Most jurisdictions, including the federal government, have laws banning firearm ownership by persons with certain histories of mental illness. The National Instant Criminal Background Check System, or NICS, helps implement these laws. These laws vary and change, but currently they are unified under our popular and political discourse that follows every spree-killing such as the one at the Washington Navy Yard. The Navy Yard tragedy prompted the NRA’s Wanye LaPierre’s comments that redirected public anger away from guns and towards people with mental illness. But LaPierre’s arguments are merely a hamfisted manifestation of a scapegoating that we are all complicit in, including Scalia, Breyer, and the NRA: PPDs are the sacrificial receptacle for the ritual unburdening of our nation’s sin of gun violence, even though PPDs are irrefutably responsible for so little of it. PPDs just make the news because they undergird the national conversation about guns. There cannot be a newsworthy murder any longer without a newscaster asking, “Was he crazy”? Mental illness is the go-to explanation to explain away gun violence.
When gun advocates and gun-control advocates talk about the right to bear arms, both sides say, “Well, except for the maniacs.” This common refrain is the refrain of scapegoating.
Reading Heller, and the debates surrounding emergency ICC, it is difficult to see that PPDs also have the fundamental right to own a gun and protect their homes; it is as though PPDs are, in Second Amendment terms, no longer people at all. Indeed, emergency ICC, at its most fundamental level, completely removes a person from his or her home. We do not ask, are PPDs actual people with homes, hearths, and families in need of protection at all? When we speak of the ease with which PPDs should lose their gun rights and be involuntarily committed, the answer appears to be: No, they are not.
** Katie Rose Guest Pryal, Attorney and Author, Chapel Hill, North Carolina. A.B., 1998, Duke University; M.A., 2000, Johns Hopkins University Writing Seminars; J.D., 2003, University of North Carolina School of Law; Ph.D., Rhetoric, 2007, University of North Carolina Greensboro. Early versions of the Article were presented at the Conference on College Composition and Communication in March 2014 and at the Colloquium on Rhetoric and Law hosted by the University of Alabama at Huntsville in April 2014. For helpful comments and suggestions, I thank Professors Tamar Birckhead, Alexa Chew, and Al Brophy of the UNC School of Law and Professor Jordynn Jack of UNC Department of English and Comparative Literature. I am grateful for the incredible research assistance of Kelly Morris, UNC Law Class of 2015, and Kate Ortbahn, UNC Law Class of 2016.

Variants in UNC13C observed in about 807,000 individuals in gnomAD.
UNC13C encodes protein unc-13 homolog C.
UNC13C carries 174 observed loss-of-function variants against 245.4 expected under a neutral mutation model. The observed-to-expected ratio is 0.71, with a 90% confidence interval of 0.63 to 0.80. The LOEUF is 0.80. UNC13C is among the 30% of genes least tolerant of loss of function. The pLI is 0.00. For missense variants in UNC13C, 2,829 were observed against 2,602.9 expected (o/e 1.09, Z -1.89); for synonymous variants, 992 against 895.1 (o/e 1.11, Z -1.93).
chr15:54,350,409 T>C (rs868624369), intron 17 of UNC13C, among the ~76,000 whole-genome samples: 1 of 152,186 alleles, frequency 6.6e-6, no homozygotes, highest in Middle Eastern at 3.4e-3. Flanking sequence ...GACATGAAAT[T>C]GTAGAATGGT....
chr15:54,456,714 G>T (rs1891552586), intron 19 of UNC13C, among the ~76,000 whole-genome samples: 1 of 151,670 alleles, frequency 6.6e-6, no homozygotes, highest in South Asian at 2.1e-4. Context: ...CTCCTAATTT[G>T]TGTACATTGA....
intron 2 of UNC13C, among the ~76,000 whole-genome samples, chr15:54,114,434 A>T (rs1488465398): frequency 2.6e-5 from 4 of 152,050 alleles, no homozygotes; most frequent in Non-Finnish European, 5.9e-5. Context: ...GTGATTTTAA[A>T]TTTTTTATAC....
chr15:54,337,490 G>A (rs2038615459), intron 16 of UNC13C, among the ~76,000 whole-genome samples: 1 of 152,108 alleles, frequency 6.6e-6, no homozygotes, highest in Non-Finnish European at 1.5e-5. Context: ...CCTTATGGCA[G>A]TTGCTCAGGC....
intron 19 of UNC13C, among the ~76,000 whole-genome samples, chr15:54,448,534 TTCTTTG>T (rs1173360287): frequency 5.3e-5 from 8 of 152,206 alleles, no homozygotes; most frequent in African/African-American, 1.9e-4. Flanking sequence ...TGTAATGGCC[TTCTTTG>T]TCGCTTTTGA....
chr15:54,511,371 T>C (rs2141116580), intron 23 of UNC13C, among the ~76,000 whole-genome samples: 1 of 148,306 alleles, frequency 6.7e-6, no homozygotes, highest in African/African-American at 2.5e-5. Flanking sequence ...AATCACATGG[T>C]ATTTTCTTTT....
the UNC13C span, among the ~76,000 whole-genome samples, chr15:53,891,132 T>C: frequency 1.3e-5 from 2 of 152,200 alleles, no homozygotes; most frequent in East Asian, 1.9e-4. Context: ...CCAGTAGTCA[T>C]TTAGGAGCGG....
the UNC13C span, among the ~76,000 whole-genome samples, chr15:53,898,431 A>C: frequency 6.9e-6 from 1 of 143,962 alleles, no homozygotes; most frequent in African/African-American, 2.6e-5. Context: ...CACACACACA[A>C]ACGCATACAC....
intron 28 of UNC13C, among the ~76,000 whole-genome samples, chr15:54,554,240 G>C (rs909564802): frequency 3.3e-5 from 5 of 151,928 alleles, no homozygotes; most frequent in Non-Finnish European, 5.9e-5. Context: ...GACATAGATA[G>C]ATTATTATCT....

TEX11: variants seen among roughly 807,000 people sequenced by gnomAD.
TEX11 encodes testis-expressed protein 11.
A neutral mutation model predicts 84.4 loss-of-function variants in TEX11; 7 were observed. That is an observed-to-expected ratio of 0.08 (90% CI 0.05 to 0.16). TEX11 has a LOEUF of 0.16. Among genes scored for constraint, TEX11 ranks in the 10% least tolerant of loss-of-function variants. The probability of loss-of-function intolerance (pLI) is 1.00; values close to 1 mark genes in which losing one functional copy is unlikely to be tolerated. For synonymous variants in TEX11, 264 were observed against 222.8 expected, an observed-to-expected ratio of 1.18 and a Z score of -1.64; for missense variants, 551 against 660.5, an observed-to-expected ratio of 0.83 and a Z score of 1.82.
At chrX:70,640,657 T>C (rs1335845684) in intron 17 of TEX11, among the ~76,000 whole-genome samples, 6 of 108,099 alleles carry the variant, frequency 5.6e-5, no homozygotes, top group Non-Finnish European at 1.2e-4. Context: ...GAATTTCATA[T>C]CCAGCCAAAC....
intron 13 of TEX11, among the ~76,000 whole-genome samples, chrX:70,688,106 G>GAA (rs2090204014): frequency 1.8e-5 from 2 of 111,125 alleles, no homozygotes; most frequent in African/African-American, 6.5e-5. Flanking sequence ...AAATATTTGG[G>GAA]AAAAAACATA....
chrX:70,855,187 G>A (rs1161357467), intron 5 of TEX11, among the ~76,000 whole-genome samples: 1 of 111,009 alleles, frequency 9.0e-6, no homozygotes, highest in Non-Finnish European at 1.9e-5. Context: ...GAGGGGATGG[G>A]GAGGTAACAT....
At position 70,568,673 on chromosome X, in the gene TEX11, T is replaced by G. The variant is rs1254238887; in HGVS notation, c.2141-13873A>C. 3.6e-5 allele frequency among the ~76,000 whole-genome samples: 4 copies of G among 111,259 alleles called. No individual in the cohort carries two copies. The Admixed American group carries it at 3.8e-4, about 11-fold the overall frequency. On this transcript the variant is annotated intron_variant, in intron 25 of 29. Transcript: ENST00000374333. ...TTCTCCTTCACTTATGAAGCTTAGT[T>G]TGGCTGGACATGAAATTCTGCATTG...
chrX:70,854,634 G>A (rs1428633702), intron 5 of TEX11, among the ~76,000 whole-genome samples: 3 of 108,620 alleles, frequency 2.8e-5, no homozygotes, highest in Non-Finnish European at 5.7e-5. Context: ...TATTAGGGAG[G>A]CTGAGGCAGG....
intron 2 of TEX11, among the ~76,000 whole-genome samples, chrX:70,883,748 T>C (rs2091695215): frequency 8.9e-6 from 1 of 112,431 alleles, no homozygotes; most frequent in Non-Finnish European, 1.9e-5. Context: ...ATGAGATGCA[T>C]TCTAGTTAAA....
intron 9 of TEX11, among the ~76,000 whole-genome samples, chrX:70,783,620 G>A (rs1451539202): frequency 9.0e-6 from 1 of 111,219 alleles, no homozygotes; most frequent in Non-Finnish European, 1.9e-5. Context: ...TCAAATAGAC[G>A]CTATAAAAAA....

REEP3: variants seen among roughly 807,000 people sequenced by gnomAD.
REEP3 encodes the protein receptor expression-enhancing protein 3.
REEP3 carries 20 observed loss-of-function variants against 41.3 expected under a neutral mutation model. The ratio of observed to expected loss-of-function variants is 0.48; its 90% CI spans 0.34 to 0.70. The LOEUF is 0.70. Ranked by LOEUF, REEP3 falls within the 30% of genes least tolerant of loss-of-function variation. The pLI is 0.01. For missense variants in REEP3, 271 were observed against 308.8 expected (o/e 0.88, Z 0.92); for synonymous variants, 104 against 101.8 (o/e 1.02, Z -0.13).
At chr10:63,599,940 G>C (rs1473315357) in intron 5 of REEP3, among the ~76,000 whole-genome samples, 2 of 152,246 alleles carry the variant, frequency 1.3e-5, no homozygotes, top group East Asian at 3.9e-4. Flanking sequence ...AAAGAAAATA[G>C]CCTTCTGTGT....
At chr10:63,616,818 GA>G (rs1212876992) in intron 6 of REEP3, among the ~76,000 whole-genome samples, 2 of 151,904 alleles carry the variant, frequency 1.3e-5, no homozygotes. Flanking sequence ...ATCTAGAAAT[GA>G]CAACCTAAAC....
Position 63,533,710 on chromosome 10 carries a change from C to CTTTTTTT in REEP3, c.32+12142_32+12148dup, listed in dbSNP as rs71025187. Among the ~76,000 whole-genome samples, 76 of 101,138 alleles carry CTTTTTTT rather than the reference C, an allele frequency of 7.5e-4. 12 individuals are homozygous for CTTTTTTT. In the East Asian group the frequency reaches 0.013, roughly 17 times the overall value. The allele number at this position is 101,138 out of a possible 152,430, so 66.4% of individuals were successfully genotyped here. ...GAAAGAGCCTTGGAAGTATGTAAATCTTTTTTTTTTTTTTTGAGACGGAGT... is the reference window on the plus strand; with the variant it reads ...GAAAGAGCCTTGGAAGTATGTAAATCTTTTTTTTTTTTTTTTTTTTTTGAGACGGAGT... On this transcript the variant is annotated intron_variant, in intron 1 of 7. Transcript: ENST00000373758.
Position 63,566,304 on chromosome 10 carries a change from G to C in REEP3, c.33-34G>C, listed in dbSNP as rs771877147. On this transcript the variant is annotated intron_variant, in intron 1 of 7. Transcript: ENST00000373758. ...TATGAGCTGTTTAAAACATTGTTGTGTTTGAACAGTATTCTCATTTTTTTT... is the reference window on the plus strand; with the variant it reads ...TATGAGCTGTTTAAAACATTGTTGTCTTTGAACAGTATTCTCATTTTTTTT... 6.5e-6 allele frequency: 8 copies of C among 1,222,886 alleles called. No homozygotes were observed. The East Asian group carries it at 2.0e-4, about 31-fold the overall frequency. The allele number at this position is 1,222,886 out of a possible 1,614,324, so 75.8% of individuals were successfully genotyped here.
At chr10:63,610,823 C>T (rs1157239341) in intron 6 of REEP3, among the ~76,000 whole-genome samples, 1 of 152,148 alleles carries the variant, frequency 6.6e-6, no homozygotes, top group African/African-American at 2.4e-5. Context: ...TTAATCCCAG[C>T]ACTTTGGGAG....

. Patient-dumping occurs when a hospital does not take appropriate steps to stabilize a patient’s condition before discharge. See Emergency Medical Treatment & Labor Act (“EMTALA”), 42 U.S.C. § 1395dd(b) (2012) (requiring stabilization of patients before they can be discharged from the hospital).
. EMTALA only requires that an emergency patient receive appropriate screening, stabilization, and, if appropriate, transfer to another location for continued treatment. Id. § 1395dd. Because the doctor in this case not only screened and stabilized the patient, but also offered her a bed in the ward for the night, he met his duties under EMTALA. See id. Whether the doctor committed malpractice under the relevant state law was a separate legal issue.
. I borrow the term “quasi-criminal” in the context of psychiatry from Christopher Slobogin. Christopher Slobogin, Minding Justice: Laws that Deprive People with Mental Disability of Life and Liberty 19 (2006). Despite the quasi-criminal nature of the mental health system in the United States, Slobogin points out that “mental health law is a legal backwater.” Id. Furthermore, “[d]espite the fact that they can lead to significant losses of liberty, commitment and competency cases continue to be handled by ‘special,’ lower-level courts that are often not even courts ‘of record’ because their proceedings are not transcribed.” Id. at 20. Basically, Slobogin asserts, “this area of the law occupies a very low status.” Id. The cause? “The primary reason for this state of affairs is society’s general disregard for and ignorance about people with mental disability.” Id.